Many leaders live, work, and lead in fear of one word…
It is one of the corporate world’s greatest struggles – trying to hold onto top-performing talent. “Retention” is a feared and dreaded world. It carries with it a bad connotation. It can feel less like retaining and more like detaining, like we are holding onto our people as tightly as we can.
Understandably so. It can cost a business anywhere from 50% to 200% of an employee’s annual salary to replace them. And that does not even take into account the lost potential in ideas and insight, and turnover’s dramatic hit to morale.
But this fear-based approach is actually killing retention!
Even with so much to lose, leaders cannot fear losing their top performers. Especially with so much to lose. Fear blinds, deafens, and distracts. Fear keeps us from asking questions whose answers we may not want to hear, even if they will build an important bridge. And if we are going to keep our best team members leaned in, we must be intentional about our approach.
As with so many things in life, it is a matter of perspective. One of the best things you can do for your people is to improve your relationship to “retention.”
But first, let’s pick a better word than “retention…” It is an intimidating word that can come with a lot of baggage, and it places the focus on holding onto something.
“Inclusion” is closer to the perspective that best serves leaders and their teams. Inclusion focuses on creating an environment that everyone wants to be a part of.
When we reframe retention to inclusion, we move away from fear – paralysis and avoidance – and into proactivity – solutions-seeking and inspiration. We set an example of problem-solving for our team. We improve their experience and communicate their value.
Yes, yes, I hear you – sure, it is easy to say, “Simply think about it in a new way,” and it is another thing to actually see this perspective shift make a difference in the attitude of our team members toward our organization.
And certainly, it is almost always easier to say than it is to do (unless the thing you are doing is taking a deep breath and the thing you are saying is the name of this town in Wales).
But consider that perspective is underneath everything we do.
Fears we do not have cannot affect our decisions, control our actions, or blind us to important needs. If we are not afraid of losing our team, we can feel free to have crucial conversations with them. When looking through the lens of inclusion, we find opportunities to draw them in. Especially helpful questions include…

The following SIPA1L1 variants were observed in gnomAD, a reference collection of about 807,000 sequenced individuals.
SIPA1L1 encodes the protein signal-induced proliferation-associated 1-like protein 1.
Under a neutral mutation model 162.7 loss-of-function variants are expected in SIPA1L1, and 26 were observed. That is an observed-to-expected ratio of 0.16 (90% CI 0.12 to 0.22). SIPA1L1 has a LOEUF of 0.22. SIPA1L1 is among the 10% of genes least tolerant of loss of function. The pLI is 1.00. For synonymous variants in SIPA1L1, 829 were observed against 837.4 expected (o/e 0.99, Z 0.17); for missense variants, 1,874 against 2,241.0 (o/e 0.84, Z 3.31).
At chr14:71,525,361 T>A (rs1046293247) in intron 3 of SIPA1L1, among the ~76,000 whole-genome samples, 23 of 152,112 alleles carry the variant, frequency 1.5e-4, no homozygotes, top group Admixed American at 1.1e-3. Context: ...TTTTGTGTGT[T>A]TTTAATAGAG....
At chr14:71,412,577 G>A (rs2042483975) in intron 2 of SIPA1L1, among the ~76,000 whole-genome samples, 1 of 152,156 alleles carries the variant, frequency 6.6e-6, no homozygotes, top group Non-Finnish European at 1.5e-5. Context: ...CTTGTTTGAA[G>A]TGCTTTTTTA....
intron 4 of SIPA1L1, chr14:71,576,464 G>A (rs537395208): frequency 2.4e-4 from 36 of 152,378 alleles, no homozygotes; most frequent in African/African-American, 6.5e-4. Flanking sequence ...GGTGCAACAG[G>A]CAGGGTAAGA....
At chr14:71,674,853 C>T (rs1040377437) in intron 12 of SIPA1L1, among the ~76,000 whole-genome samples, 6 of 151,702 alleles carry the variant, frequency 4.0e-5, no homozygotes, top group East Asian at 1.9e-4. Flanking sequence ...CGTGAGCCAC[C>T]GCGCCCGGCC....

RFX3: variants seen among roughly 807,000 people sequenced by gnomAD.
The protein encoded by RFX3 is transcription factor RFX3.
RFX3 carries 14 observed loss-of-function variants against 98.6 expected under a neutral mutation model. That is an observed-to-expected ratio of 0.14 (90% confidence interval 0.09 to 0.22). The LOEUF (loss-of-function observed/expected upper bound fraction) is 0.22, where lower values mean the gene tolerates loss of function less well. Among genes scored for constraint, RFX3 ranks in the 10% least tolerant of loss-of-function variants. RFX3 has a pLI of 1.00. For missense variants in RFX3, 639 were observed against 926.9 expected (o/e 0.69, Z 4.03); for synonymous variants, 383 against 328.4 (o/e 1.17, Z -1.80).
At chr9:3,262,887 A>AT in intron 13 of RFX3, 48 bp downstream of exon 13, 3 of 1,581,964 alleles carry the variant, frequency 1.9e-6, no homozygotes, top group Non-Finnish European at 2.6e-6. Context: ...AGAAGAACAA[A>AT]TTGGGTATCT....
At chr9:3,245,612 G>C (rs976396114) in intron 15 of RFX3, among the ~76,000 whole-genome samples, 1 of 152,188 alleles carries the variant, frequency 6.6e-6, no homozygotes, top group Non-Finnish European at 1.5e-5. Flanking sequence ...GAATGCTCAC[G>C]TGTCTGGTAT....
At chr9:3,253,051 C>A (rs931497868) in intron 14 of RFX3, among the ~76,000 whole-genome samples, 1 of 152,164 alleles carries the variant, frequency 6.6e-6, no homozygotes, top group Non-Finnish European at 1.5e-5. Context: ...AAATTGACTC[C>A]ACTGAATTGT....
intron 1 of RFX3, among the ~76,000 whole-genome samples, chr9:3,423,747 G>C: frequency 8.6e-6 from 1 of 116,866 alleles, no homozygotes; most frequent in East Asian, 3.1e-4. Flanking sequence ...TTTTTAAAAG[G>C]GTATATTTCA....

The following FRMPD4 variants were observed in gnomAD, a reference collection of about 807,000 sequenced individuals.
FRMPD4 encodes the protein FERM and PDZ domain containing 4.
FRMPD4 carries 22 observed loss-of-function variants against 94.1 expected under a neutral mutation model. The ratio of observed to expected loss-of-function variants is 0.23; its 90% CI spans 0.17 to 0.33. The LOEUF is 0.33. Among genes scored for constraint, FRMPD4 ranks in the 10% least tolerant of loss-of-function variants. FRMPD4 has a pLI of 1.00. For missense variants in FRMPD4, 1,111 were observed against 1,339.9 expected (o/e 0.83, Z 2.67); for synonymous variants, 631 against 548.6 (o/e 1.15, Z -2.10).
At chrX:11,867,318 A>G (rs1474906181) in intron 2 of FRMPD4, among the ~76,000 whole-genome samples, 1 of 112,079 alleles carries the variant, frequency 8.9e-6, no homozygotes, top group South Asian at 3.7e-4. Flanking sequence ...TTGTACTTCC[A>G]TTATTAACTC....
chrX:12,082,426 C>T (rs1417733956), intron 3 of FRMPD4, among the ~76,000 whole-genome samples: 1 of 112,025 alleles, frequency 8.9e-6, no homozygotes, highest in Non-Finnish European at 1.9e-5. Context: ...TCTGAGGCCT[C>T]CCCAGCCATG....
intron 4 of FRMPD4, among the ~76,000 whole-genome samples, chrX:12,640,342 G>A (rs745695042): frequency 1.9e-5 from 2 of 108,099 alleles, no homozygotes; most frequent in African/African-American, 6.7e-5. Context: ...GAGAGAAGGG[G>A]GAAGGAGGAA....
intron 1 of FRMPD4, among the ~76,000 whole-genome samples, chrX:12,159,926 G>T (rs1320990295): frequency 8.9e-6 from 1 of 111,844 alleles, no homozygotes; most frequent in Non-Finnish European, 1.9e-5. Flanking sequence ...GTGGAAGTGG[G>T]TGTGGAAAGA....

What did you love about last week? This encourages the employee to look for the things about their role that they appreciate.
What did you learn last week? Here, you help the team member see that they are growing in their role.
What will you be working on next week? With this question, the employee begins looking toward their near future at your organization.
How can I help? This question shows your team member that you value their needs.
All of these questions communicate your investment in your team member’s experience, and their answers offer you insight on their attitude toward their role.
Additionally, consider that through inclusion, even transition becomes an opportunity.
Let’s say our “worst fear” comes to pass and someone does decide to leave. In our desperation, we might feel the urge to “win them back.” But this is a losing battle. It is nearly impossible to change someone’s mind who has fallen out of love with their role.
Instead, we wish them well and do our best to understand their decision so we can further improve the environment we are building toward inclusion. We make things even better for those who decided to stay.
I have more to say about the long-fought struggle that is retention – but I’m afraid that will have to wait until next week :)
…Unless you’d like to skip ahead and read up on all five of my strategies for retaining top talent. For those of you in the middle of the turnover tussle, I have prepared a free guide available here – drop me a message and let me know what you think!
That’s all for now.
Until next time,
Get My Free Guide: 5 Strategies for Retaining Top Talent
Voluntary turnover it’s an ALARMINGLY preventable problem.
To combat this, I have outlined five leadership strategies that will keep your top performers leaned in and performing.